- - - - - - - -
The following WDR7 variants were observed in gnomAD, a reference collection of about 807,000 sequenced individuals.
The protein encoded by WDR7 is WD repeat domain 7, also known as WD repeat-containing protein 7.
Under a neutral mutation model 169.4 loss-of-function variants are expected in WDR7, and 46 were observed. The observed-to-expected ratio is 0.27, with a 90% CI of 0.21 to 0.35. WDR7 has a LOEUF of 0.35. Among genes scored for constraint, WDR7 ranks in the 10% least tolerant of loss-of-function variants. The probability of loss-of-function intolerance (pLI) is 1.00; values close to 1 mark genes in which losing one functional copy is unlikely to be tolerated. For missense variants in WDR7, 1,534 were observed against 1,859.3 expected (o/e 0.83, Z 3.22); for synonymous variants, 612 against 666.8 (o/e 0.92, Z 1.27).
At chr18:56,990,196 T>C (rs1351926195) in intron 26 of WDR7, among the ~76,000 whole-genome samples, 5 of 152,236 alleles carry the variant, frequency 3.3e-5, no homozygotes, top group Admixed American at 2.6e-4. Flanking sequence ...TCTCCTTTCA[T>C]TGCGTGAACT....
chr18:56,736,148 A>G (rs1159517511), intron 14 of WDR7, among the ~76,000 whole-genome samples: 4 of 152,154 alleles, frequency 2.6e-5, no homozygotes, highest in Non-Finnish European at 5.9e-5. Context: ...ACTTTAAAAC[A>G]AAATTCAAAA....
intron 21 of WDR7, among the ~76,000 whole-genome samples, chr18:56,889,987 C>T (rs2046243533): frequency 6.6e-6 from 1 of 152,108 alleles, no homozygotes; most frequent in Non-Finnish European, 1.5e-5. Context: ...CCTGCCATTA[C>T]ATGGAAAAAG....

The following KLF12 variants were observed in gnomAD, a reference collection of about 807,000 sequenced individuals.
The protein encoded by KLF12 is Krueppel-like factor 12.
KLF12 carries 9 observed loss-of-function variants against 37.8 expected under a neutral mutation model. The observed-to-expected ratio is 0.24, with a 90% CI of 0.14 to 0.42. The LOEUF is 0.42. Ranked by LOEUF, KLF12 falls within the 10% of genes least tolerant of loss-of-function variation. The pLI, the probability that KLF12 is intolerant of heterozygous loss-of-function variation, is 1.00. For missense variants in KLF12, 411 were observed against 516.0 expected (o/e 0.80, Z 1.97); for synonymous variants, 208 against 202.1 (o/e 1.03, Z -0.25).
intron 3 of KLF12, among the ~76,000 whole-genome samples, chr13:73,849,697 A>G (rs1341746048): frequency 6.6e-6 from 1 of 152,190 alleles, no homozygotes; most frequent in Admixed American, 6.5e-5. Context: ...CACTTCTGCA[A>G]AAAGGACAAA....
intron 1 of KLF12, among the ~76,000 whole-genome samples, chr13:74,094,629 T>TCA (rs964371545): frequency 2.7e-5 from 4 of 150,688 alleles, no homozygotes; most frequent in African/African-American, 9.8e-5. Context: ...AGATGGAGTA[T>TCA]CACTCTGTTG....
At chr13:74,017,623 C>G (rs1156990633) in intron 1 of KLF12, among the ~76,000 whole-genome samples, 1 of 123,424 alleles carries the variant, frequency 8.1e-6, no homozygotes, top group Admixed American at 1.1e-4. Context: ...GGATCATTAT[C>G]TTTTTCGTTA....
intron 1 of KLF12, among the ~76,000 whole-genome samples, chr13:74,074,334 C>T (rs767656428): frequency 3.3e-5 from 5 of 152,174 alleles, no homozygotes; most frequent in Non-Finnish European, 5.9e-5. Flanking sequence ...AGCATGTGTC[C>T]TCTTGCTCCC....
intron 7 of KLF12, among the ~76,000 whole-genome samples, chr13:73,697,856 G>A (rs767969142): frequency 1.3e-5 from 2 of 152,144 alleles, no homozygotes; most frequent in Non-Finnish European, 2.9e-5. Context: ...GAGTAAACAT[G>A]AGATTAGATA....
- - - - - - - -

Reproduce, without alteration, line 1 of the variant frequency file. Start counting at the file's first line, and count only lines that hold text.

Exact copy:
The following WDR7 variants were observed in gnomAD, a reference collection of about 807,000 sequenced individuals.